Halfway through today's intensely dull OC Board of Supervisors meeting, during which the supes hemmed and hawed about whether to allow county voters to demand elected officials under indictment take a paid leave of absence, board chairman Chris Norby paused to read a letter from Sheriff Mike Carona, who, in case you didn't know, was indicted last week by a federal grand jury for a slew of corruption charges.
In his letter, Carona announced he was—you guessed it—taking a two-month paid leave of absence effective Nov. 9 so he can fight the charges against him. His timely letter pretty much invalidated the entire purpose of the supervisorial debate, but unmercifully it continued for another couple of hours before the board voted 3-2 against Supervisor John Moorlach's motion. Before the meeting began, Moorlach had already watered down his proposal from have empowering county voters to demand an elected official under indictment be removed from office, to calling for that official to take what amounts to a paid vacation.
Chairman Chris Norby, the only supervisor who ultimately voted in favor of Moorlach's motion (the other vote coming from, duh, Moorlach) spent a good twenty minutes or so pondering whether the administrative leave should be unpaid. "Why should it be paid administrative leave?," he asked. "Your punishment is that you don't have to do your job but you'll continue to get paid?" That led to a spirited discussion about whether not paying an indicted official on administrative leave would be unconsitutional and therefore lead to some sort of lawsuit.
Other than Carona's letter, the only highlight of the meeting came when District Attorney Tony Rackauckas told the supervisors that they had to obey the presumption of innocence concept that makes our fine nation a "society of laws," and not act like a "judicial body" as opposed to a "legislative" one. "It sounds like you're making a decision to remove someone from office without any evidence whatsoever," he said.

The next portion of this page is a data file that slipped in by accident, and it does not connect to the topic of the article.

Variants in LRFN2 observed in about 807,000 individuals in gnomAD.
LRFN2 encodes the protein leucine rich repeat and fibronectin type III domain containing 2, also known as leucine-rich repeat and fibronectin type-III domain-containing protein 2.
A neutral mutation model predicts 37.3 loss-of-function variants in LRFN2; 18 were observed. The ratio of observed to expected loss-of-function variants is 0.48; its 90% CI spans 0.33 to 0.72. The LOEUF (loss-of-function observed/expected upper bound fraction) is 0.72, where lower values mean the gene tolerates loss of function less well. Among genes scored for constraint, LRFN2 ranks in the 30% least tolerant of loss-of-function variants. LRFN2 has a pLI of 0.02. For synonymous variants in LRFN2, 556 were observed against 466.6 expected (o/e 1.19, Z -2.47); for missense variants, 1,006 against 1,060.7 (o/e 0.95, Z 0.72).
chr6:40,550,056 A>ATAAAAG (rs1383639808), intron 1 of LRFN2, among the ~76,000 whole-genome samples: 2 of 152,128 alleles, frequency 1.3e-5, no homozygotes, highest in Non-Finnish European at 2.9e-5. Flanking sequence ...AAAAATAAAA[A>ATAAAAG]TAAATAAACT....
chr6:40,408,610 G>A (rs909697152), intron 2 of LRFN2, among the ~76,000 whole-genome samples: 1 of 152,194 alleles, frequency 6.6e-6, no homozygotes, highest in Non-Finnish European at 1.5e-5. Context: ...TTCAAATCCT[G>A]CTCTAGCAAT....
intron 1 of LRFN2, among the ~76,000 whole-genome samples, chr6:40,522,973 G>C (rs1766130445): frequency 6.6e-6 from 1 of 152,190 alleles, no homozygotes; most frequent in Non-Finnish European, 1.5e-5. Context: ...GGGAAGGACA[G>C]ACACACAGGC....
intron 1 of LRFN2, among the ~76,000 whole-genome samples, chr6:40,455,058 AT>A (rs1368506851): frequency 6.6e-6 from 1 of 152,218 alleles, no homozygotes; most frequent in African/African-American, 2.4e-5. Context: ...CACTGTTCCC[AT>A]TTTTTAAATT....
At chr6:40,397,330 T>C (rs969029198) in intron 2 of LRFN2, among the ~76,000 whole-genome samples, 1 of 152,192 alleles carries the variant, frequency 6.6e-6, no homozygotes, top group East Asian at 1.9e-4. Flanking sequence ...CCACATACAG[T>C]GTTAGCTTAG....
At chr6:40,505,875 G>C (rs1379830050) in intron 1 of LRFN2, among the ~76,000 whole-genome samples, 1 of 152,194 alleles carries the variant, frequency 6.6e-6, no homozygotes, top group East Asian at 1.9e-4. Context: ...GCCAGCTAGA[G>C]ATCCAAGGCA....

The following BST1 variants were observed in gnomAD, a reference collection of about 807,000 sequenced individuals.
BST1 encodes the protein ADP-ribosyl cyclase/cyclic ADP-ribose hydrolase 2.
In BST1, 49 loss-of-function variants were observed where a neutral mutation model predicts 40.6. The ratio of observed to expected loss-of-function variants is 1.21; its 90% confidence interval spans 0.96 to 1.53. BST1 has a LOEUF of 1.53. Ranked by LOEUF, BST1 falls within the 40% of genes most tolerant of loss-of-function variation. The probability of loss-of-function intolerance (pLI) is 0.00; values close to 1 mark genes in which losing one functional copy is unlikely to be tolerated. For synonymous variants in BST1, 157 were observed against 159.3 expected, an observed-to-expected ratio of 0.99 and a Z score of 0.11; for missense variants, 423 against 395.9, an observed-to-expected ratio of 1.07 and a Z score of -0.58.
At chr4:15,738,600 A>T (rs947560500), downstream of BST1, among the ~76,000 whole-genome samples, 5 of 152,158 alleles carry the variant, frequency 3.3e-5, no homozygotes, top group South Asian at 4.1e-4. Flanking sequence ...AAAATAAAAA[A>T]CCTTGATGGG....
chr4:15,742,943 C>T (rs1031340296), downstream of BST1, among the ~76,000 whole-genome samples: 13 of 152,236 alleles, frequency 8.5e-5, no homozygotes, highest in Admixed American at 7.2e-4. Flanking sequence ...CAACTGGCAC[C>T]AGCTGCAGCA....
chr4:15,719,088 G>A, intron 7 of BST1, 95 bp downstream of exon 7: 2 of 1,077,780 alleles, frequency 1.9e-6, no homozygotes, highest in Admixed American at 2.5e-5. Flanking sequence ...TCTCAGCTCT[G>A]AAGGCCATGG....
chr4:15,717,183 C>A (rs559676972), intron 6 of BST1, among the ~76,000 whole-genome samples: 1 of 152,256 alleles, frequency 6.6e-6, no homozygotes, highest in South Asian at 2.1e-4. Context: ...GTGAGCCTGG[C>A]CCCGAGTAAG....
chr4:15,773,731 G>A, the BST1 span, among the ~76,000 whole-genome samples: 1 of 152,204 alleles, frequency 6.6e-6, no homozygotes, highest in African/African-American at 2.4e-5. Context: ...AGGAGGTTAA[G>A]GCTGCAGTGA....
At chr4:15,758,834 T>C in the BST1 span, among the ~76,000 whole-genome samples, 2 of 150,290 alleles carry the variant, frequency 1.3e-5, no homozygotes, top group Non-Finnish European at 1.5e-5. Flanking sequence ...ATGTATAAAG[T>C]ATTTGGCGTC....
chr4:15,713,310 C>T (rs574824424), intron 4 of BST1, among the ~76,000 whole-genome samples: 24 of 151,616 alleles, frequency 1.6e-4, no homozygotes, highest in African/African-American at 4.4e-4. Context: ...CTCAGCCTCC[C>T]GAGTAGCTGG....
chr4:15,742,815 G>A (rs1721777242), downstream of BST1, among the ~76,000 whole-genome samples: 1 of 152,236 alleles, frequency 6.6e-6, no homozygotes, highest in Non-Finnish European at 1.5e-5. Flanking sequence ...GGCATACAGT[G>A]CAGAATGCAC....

Rackauckas also argued that any future voter referendum on elected officials could not be "ex post facto," which was a fancy Latin way of saying it wouldn't apply to Carona and his past, ahem, alleged, crimes. (Last week, Rackauckas called for Carona to take an administrative leave of absence).
Next came former supervisor and current state assemblyman Todd Spitzer, who gave a lengthy and pretentious speech about how disappointed he was in Carona before making virtually the same argument as Rackauckas. "I feel I have to speak on behalf of the judicial process," he said. (Who does this guy think he is, Plato?) Spitzer then waved a copy of a recent book about the Duke lacrosse players, and warned the supervisors not to make the same mistake as Mike Nifong, the North Carolina prosecutor who now faces criminal charges for ignoring exculpatory evidence in his zealous rape case against members of the Duke University lacrosse team. "Once that train left the station, he could not put it back," Spitzer said.
Well, suffice to say that no train left the station today in Orange County. And one thing is certain: Carona must be breathing a deep sigh of relief that he will not have to worry about Orange County voters next February demanding he take the very same paid vacation that he's already taking as of Nov. 9. Close call, Mike...enjoy your holiday.